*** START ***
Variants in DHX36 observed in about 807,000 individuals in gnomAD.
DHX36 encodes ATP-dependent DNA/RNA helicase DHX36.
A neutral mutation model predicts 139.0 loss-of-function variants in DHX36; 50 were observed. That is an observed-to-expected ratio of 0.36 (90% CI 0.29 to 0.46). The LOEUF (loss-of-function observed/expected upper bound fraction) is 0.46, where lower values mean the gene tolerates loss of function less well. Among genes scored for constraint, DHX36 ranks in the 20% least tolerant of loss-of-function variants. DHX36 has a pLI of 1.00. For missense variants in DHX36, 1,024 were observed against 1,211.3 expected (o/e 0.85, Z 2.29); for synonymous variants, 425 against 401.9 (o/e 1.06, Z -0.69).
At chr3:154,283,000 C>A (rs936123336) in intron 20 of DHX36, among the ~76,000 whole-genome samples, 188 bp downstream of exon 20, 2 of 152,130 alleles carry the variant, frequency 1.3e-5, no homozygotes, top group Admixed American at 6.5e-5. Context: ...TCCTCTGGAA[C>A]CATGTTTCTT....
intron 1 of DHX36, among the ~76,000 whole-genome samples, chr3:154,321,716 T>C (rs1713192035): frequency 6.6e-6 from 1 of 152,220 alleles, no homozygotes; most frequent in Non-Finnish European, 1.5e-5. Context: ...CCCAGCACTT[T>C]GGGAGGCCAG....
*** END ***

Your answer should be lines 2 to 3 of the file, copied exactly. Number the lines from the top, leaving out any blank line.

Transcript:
DHX36 encodes ATP-dependent DNA/RNA helicase DHX36.
A neutral mutation model predicts 139.0 loss-of-function variants in DHX36; 50 were observed. That is an observed-to-expected ratio of 0.36 (90% CI 0.29 to 0.46). The LOEUF (loss-of-function observed/expected upper bound fraction) is 0.46, where lower values mean the gene tolerates loss of function less well. Among genes scored for constraint, DHX36 ranks in the 20% least tolerant of loss-of-function variants. DHX36 has a pLI of 1.00. For missense variants in DHX36, 1,024 were observed against 1,211.3 expected (o/e 0.85, Z 2.29); for synonymous variants, 425 against 401.9 (o/e 1.06, Z -0.69).